Stream ripping, particularly from YouTube, has become a top source of music piracy. But putting YouTube to MP3 conversion sites in the music industry's crosshairs is shortsighted argues Timothy Geigner of Techdirt
Guest post by Timothy Geigner of Techdirt
Concentrated attacks on technology tools that can sometimes, but not always, be used for nefarious purposes have quite a long history, from Google and Wikipedia, to suing online sites like Craigslist over how users use the service. Even torrent technology itself, having become a four-letter-word that the content industry has managed to tether to copyright infringement, is nothing more than a tool with plenty of legitimate uses.
Well, it appears that the latest target in the music industry's crosshairs are sites that rip YouTube videos into MP3 format.
Last week the major record labels managed to take out YouTube-MP3, the largest ripping site of all. Still, there are many like it that continue business as usual. For many music industry insiders, who see streamripping as one of the largest piracy threats, this is a constant source of frustration.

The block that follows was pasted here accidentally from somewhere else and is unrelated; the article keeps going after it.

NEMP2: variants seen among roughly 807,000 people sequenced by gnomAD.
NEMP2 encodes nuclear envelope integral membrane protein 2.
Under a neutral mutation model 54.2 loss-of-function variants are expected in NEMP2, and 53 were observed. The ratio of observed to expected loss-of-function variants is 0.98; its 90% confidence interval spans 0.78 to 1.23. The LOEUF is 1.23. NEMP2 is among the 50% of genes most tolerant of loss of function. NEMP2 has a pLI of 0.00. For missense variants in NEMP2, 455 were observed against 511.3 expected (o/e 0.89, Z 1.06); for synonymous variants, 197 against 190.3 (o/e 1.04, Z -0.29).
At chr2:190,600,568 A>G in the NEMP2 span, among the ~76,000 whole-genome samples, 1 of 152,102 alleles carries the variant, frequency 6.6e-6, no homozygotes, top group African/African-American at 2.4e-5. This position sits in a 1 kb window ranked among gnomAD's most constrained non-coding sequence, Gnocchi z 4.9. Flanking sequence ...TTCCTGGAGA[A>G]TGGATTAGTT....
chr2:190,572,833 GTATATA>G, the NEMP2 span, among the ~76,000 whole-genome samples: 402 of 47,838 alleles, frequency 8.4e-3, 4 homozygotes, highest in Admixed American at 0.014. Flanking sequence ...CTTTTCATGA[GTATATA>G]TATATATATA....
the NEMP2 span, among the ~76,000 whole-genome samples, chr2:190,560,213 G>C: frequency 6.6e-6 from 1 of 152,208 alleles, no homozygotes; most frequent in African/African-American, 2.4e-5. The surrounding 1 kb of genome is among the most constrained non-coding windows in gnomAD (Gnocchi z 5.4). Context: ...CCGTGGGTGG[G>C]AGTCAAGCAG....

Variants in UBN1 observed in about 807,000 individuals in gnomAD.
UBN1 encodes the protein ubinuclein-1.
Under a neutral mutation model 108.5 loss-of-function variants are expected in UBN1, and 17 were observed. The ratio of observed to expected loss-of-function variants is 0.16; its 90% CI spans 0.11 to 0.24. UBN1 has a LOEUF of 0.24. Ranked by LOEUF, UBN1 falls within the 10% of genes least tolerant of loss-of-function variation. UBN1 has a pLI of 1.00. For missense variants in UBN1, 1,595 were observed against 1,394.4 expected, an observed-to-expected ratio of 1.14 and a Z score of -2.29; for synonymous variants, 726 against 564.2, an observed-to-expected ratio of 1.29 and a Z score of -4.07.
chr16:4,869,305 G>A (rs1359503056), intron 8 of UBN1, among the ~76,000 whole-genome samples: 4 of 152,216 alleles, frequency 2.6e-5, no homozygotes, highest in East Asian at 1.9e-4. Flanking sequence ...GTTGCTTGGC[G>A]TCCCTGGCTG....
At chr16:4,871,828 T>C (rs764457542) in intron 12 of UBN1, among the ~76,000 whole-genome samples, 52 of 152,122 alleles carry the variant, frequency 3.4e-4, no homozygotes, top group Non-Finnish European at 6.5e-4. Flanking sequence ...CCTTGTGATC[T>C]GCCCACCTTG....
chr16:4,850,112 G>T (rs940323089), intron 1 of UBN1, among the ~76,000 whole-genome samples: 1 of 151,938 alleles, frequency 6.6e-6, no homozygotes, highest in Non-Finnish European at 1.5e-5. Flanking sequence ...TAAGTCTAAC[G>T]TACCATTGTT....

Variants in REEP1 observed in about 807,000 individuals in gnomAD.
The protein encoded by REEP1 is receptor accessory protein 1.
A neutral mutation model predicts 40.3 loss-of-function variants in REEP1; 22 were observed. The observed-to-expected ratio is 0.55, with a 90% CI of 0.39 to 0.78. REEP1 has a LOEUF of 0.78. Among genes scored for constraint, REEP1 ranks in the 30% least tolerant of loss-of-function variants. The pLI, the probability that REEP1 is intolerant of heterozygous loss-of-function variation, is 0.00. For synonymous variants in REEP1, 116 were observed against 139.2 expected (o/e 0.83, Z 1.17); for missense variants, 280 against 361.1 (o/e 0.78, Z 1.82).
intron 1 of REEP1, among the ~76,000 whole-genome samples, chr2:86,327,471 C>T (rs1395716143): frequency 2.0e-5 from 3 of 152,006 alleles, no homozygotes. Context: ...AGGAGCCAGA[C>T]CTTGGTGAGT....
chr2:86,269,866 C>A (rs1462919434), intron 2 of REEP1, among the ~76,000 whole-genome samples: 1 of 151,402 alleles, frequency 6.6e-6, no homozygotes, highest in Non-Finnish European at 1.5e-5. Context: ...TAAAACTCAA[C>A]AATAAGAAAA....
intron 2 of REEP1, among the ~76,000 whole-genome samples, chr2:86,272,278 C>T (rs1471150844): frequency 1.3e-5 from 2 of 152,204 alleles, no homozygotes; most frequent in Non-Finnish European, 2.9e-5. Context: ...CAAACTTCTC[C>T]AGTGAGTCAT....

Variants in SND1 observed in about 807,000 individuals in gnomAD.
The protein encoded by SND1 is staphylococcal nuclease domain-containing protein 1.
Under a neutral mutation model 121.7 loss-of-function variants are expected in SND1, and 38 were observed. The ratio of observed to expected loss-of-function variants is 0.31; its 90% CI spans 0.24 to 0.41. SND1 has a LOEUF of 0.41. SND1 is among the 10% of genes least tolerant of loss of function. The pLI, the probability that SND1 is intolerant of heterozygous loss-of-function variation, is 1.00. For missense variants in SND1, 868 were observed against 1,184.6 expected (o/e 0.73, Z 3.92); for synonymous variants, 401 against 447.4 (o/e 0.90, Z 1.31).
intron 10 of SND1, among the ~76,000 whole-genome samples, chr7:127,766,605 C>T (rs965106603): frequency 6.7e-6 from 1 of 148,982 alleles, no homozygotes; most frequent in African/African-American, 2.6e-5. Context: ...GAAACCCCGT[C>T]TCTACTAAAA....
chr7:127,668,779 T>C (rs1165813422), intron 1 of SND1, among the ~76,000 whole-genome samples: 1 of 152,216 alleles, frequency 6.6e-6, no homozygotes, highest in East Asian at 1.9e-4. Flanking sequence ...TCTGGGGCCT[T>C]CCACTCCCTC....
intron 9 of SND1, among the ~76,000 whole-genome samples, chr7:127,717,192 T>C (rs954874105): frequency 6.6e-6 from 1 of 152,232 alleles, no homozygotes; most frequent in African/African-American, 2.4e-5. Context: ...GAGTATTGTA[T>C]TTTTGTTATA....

In the UK, music industry group BPI worked hard to tackle the issue proactively. Last year the organization already signed an agreement with YouTube-MP3 to block UK traffic. This limited the availability of the site locally, but the group believes that YouTube itself should take responsibility as well.
The crux of the plan, according to industry insiders, appears to be to get YouTube involved to block these sites from ripping its content into audio format. Between complaining that YouTube hasn't threatened enough legal action of its own and some rather silly complaints revolving around Google "steering" traffic to ripping sites via autocomplete on Google searches of all things, something of a full court press appears to be on. And, in one sense, it's understandable. Music groups that allow their music to be on YouTube look for the advertising revenue that comes along with it. One imagines that running a video through these ripping sites doesn't trigger that same ad revenue, otherwise nobody would be complaining.
But here's the thing: there are a ton of legitimate uses outside of the music business to use these sites. I use them all the time. I primarily use them for videos that are essentially speech-based content so I can listen to them on the go. History lectures, public debates, reviews: they're all on YouTube, they're all perfectly listenable in audio format, and none of the makers of that content are shouting about YouTube MP3 rips.
So what we're left with again is the content industries attacking a tool with legitimate uses simply because some percentage of the public uses it in a way they don't like.